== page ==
Optimize Your Product with Thermal Profiling

Running a thermal profile for product optimization with the Breadometer.

Product optimization is very important to commercial bakeries. It imparts low scrap rate high-yield quality that improves margins for higher profitability to the business.

To optimize bakery products, a clear understanding of the baking process and how it affects the product are key. One way to optimize products is the thermal profiling of the baking operation.

How does thermal profiling help?

The baking step is a complex operation, and especially for yeasted goods, bakers do not particularly know what is happening with their dough goods inside the oven nor when. Control settings made on different shifts, oven-to oven and plant-to-plant inconsistencies compound process differentials which require balancing every oven and scheduling the appropriate maintenance. This work sets the stage for product optimization, and thermal profiling becomes a very important tool to understand how the baking process works to produce the finished product consistently.

Thermal profiling is the measurement of the internal product temperature over baking time. A BakeWATCH® kit from ECD, a leader in thermal profiling for the baking industry, comes ready to use, and includes:

  • Programmable electronic data recording device (M.O.L.E.® thermal profiler – 3, 6 or 20-input channel models)
  • Insulation box for thermal protection
  • Set of Thermocouple sensors for dough insertion and ambient measurements in tunnel and rack ovens.
  • Software for data analysis and recordkeeping

Once data has been collected and processed by the thermal profiling software, it is displayed as a temperature/time plot known as the S-curve that shows how the formulated dough or batter respond to oven settings.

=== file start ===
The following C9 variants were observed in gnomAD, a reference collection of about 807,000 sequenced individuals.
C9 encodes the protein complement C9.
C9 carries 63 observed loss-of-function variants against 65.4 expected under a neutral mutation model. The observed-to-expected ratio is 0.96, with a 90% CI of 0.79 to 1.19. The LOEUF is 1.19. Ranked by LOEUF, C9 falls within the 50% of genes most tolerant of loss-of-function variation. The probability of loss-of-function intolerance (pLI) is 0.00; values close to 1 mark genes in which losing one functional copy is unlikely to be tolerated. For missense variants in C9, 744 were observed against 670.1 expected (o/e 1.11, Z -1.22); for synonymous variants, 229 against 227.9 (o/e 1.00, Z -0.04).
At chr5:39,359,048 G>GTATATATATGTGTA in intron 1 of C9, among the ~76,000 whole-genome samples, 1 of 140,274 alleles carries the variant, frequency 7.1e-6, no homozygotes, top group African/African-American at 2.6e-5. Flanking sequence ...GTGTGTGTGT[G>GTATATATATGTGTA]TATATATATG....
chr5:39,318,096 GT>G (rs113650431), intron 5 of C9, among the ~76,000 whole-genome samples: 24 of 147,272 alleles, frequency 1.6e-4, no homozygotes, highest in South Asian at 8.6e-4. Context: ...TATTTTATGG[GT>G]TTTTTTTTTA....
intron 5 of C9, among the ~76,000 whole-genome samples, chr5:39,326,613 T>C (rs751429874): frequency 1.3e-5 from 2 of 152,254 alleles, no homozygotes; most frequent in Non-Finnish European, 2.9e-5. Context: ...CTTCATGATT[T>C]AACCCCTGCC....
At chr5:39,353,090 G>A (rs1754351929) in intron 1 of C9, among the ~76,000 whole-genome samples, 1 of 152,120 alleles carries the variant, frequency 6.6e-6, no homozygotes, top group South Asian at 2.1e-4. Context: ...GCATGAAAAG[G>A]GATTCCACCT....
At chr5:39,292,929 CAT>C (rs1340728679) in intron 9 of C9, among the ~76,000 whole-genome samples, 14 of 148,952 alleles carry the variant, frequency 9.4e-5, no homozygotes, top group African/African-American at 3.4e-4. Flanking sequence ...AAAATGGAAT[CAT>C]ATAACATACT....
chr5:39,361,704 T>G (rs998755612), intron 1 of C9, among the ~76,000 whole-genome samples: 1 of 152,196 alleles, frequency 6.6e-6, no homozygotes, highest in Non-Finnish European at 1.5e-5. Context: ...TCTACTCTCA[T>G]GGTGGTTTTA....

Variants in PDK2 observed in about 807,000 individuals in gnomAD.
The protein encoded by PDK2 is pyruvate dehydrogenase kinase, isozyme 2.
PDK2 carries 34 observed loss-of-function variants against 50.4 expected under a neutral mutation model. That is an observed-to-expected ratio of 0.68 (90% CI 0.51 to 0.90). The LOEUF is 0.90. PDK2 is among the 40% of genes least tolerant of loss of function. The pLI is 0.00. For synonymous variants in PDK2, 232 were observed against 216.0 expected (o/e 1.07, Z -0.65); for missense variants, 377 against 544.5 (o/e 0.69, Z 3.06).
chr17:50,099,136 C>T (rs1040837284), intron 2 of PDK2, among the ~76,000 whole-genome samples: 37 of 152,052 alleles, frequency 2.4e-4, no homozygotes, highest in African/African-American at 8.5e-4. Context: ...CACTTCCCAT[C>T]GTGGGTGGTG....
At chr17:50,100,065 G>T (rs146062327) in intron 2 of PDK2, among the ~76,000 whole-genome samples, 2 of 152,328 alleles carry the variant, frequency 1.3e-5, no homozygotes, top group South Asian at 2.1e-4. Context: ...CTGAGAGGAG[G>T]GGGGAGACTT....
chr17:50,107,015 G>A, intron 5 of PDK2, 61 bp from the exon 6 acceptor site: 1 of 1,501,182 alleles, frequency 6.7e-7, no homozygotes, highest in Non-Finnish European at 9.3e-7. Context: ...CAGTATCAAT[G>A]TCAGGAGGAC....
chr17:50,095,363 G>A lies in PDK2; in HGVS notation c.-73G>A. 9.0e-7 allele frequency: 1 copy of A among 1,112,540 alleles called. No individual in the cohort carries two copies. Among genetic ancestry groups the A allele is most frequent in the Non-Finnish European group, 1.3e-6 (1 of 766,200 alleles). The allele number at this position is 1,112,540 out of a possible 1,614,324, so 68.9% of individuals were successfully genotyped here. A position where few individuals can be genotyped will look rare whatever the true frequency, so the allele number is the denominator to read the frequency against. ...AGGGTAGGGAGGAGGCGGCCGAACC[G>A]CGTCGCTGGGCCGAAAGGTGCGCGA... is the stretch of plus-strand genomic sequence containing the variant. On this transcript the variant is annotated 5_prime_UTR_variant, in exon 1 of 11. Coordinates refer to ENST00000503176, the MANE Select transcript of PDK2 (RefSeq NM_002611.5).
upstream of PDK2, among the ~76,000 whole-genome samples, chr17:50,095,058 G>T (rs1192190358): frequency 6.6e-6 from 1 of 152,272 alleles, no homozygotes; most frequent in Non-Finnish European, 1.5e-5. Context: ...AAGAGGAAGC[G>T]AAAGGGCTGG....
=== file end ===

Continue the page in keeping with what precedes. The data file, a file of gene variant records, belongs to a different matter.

The S curve of a thermal profile provides the answers to over baking.

The fundamental principle of thermal profiling lies in the fact that physical, microbiological and chemical changes in the product during baking occur as a function of temperature. These changes include:

  • Yeast kill or deactivation point: 140°F/60°C, should occur at 50–55% of total bake time.
  • Gluten proteins denaturing point: Beginning at 165°F/74°C and finishing at 180°F/82°C.
  • Starch gelatinization point: Beginning at 170°F/77°C and finishing at 180°F/82°C, should occur at 60–65% of total bake time.
  • Arrival to baking temperature: Final product temperature of 200°F/93°C. Arrival should occur at 85–88%% of total bake time.
  • Crumb Set Zone: The final 10 to 15% of Bake time which provides optimum crumb

The timing or percent of bake time at which these changes take place is very important. The point at which yeast is killed demarks the end of the oven spring stage. Starch gelatinization and protein denaturing both occur at very similar temperature ranges and are responsible for the set of crumb (transition from a visco-elastic raw dough or liquid batter into a firm, porous and resilient product). And Arrival needs to occur with enough time remaining in the oven to ensure optimum crumb, texture and moisture content and packaging size and weight to the finished goods.

TIP: Utilizing the Breadometer® sensor takes the operator out of the data for repeatable data that can be trusted. The software automatically calculates these critical S-Curve events as percentages of bake times for fast analysis and performance data over time.

6 ways thermal profiling optimizes baked goods

Thermal profiling of the baking step helps:

  1. Improve crust color
  2. Identify formulation issues
  3. Obtain the optimum bread texture and shelf-life
  4. Extend mold-free shelf life
  5. Obtain proper bread structure and resiliency for slicing and bagging operations
  6. Reduce risk of product collapse due to under-baking

Take the guesswork out of baking! Learn more about our thermal profiling equipment here.

2019-02-05T14:43:26-07:00

About the Author:

Ray Pearce
Ray has worked with countless bakers and ingredients suppliers as well as electronics manufacturing; curing and heat treat customers, helping to solve conveyorized thermal processing quality issues with thermal profiling solutions, online & onsite. Ray studied Engineering and Communications at the University of Washington and has served as Technical Director and currently as BakeWATCH product manager at Electronic Controls Design, Inc. in Portland, Oregon.

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